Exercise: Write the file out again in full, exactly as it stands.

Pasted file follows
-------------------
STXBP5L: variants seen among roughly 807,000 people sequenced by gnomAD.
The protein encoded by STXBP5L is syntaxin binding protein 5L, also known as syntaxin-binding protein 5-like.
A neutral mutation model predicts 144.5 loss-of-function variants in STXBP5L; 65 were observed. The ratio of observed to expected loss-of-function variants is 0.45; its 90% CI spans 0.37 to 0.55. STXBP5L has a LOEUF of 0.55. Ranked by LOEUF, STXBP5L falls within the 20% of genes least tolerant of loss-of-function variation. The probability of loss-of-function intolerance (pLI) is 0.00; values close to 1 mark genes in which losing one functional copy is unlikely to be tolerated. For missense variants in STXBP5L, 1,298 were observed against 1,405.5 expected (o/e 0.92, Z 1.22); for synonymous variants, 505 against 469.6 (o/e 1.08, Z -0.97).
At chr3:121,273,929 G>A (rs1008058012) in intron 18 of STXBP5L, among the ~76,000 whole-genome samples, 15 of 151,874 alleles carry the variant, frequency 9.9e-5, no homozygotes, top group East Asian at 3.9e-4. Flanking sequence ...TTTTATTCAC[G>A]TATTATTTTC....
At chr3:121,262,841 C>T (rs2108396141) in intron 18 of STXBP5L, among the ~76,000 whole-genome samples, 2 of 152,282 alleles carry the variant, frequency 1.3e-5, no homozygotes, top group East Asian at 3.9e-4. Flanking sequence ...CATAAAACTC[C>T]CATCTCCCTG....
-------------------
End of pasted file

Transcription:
STXBP5L: variants seen among roughly 807,000 people sequenced by gnomAD.
The protein encoded by STXBP5L is syntaxin binding protein 5L, also known as syntaxin-binding protein 5-like.
A neutral mutation model predicts 144.5 loss-of-function variants in STXBP5L; 65 were observed. The ratio of observed to expected loss-of-function variants is 0.45; its 90% CI spans 0.37 to 0.55. STXBP5L has a LOEUF of 0.55. Ranked by LOEUF, STXBP5L falls within the 20% of genes least tolerant of loss-of-function variation. The probability of loss-of-function intolerance (pLI) is 0.00; values close to 1 mark genes in which losing one functional copy is unlikely to be tolerated. For missense variants in STXBP5L, 1,298 were observed against 1,405.5 expected (o/e 0.92, Z 1.22); for synonymous variants, 505 against 469.6 (o/e 1.08, Z -0.97).
At chr3:121,273,929 G>A (rs1008058012) in intron 18 of STXBP5L, among the ~76,000 whole-genome samples, 15 of 151,874 alleles carry the variant, frequency 9.9e-5, no homozygotes, top group East Asian at 3.9e-4. Flanking sequence ...TTTTATTCAC[G>A]TATTATTTTC....
At chr3:121,262,841 C>T (rs2108396141) in intron 18 of STXBP5L, among the ~76,000 whole-genome samples, 2 of 152,282 alleles carry the variant, frequency 1.3e-5, no homozygotes, top group East Asian at 3.9e-4. Flanking sequence ...CATAAAACTC[C>T]CATCTCCCTG....